CAPE GIRARDEAU – A federal court has granted Monsanto's move to dismiss a complaint filed by a Missouri farmer alleging a conspiracy to monopolize a more-expensive seed.
U.S. District Judge Stephen Limbaugh Jr. agreed with the defendant and stated the plaintiffs did not "adequately" show they were direct seed purchasers, according to a March 13 order.
He cited Kloth v. Microsoft Corp. in which the Fourth Circuit Court ruled that even though consumers entered into a license agreement to purchase software, it does not make the consumer a "direct purchaser."
He concluded that since the plaintiffs' allegations don't support the fact that they were direct purchasers, the complaint would be dismissed and that the "court need not consider defendant's other arguments in favor of dismissal," the ruling states.
Plaintiffs Sam Branum, a Missouri farmer, and Wapsie Farms Partnership alleged Monsanto had "artificially increased demand" of its herbicide-resistant Xtend seeds to gain "monopolistic profits," the ruling states. Monsanto petitioned the court to have the case dismissed.
According to the court filing, Monsanto developed Xtend seeds, which contain a genetic trait that allows them to tolerate herbicide application such as Roundup and dicamba. Since the dicamba herbicide tends to "drift" to other crops and cause damage, Monsanto allegedly joined forces with the makers of dicamba, BASF Corp., to develop a "new dicamba" called XtendiMax that would be less prone to drift to other crops and cause damage like the original dicamba.
The plaintiffs claim that both the old and the new dicamba still spreads and results in damage to other crops.
"Because of their fear of crop damage, plaintiffs allege that they and other farmers are forced to defensively purchase and plant Xtend seeds, which cost more than other seeds," the ruling states.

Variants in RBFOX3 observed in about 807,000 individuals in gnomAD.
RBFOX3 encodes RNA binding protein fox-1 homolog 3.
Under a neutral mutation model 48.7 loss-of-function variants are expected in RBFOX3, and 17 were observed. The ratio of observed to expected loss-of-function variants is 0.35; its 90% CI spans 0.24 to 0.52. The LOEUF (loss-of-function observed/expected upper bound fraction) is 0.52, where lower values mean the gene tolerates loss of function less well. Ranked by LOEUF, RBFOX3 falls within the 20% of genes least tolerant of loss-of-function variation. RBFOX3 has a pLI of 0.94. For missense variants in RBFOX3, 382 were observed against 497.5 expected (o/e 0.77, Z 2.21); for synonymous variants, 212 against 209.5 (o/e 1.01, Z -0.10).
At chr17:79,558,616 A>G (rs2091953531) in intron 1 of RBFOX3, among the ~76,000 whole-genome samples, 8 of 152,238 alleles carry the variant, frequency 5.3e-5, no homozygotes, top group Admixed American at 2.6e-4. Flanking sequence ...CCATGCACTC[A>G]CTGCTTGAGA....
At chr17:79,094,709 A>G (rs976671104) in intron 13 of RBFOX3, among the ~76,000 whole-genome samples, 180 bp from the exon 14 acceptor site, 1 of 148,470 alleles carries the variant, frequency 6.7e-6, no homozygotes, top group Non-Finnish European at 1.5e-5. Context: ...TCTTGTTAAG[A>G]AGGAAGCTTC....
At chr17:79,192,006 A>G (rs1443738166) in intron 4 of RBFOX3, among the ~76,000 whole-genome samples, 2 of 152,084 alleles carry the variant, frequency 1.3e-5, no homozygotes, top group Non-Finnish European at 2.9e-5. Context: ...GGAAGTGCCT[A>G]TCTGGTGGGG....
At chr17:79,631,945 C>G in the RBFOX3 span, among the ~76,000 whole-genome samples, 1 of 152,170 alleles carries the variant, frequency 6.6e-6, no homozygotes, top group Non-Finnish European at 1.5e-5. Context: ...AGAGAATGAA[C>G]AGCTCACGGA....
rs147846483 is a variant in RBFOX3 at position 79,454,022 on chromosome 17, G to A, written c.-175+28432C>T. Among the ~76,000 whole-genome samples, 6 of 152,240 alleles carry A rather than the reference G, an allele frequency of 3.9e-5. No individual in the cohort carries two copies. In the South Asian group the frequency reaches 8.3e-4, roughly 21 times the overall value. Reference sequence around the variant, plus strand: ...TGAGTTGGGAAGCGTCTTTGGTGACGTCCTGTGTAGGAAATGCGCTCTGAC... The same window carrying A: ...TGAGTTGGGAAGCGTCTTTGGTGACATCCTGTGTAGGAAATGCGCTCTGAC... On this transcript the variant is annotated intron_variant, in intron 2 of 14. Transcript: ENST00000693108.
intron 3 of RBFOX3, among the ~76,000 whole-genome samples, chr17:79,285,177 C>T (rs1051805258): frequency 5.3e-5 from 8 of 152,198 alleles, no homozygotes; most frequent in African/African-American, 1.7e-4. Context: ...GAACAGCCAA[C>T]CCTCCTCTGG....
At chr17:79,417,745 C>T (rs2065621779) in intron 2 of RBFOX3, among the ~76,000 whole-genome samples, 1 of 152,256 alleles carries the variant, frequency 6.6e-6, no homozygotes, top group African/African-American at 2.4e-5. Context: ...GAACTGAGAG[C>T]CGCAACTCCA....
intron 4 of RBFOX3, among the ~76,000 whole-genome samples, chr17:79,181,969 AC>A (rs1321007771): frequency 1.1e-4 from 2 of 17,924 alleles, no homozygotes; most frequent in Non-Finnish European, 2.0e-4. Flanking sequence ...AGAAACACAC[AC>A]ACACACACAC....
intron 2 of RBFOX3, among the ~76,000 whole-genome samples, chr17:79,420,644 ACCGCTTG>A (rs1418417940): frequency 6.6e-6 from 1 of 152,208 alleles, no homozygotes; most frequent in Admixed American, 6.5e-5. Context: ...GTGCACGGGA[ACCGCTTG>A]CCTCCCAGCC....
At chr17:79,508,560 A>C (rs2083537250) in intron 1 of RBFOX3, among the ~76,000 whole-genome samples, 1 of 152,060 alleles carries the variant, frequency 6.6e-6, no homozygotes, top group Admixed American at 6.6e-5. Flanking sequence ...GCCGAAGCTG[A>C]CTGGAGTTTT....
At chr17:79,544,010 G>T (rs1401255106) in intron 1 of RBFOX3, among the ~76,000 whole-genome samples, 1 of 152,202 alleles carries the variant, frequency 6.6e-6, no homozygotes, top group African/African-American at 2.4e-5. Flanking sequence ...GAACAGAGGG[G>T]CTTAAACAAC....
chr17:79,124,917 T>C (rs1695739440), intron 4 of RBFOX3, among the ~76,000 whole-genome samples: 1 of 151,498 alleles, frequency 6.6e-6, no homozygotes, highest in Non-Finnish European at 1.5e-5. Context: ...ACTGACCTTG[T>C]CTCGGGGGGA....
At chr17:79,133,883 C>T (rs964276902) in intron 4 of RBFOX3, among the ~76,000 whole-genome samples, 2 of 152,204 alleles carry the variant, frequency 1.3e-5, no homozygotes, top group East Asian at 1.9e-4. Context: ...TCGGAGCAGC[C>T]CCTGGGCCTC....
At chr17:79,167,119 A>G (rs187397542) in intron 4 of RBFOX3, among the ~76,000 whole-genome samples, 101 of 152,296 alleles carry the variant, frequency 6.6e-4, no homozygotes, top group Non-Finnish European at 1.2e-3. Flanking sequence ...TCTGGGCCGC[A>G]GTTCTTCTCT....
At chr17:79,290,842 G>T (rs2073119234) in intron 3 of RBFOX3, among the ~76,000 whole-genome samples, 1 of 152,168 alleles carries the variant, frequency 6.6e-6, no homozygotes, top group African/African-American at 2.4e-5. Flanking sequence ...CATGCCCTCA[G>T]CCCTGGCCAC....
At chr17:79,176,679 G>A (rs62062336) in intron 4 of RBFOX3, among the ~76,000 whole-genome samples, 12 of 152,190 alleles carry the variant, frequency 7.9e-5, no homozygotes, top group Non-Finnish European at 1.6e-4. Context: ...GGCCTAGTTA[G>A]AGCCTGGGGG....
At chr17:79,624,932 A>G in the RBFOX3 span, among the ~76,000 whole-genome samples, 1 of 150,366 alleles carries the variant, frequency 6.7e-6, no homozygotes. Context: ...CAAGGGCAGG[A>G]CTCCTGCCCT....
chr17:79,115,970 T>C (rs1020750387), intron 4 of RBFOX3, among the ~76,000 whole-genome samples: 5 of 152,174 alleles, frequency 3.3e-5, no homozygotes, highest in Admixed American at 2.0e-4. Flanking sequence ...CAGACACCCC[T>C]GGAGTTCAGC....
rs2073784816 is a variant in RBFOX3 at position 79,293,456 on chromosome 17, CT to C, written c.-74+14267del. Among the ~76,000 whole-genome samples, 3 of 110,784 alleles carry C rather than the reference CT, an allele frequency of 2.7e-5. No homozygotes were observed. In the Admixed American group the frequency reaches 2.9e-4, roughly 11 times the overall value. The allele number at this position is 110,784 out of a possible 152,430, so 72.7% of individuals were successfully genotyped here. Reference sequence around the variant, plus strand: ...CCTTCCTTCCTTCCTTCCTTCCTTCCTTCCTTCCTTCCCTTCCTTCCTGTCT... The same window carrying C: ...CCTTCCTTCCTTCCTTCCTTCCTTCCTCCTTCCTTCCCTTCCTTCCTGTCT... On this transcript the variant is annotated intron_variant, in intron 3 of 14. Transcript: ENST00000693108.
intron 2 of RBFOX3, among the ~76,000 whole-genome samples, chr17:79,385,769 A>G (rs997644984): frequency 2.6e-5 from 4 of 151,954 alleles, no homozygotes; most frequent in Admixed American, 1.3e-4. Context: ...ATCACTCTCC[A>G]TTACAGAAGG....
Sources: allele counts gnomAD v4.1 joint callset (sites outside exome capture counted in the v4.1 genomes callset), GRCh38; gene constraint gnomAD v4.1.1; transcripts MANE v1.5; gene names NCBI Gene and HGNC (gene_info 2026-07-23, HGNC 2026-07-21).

Monsanto argued the plaintiffs lack of standing as "indirect purchasers," failed to show an antitrust violation and failed to show specific intent for monopoly and conspiracy. The plaintiffs argued they are "direct purchasers" of Monsanto's seeds due to a license agreement with Monsanto to use the company's "trait technology" as part of a seed purchase.
A spokesperson for Bayer, which acquired Monsanto last year, issued the following statement on Limbaugh's ruling:
"We are pleased with the Court’s decision to dismiss this antitrust complaint. We appreciate that the Court considered all facts to determine that the plaintiffs’ allegations do not support that they have standing under the Sherman Antitrust Act to assert any claims relating to Monsanto’s dicamba-tolerant seeds or traits.
"Farmers have a variety of choice when it comes to what seed to plant and which herbicides to apply. For those choosing to apply XtendiMax with VaporGrip Technology over-the-top of dicamba-tolerant soybeans and cotton, Monsanto remains committed to robust education and training to help growers prepare for successful on-target applications."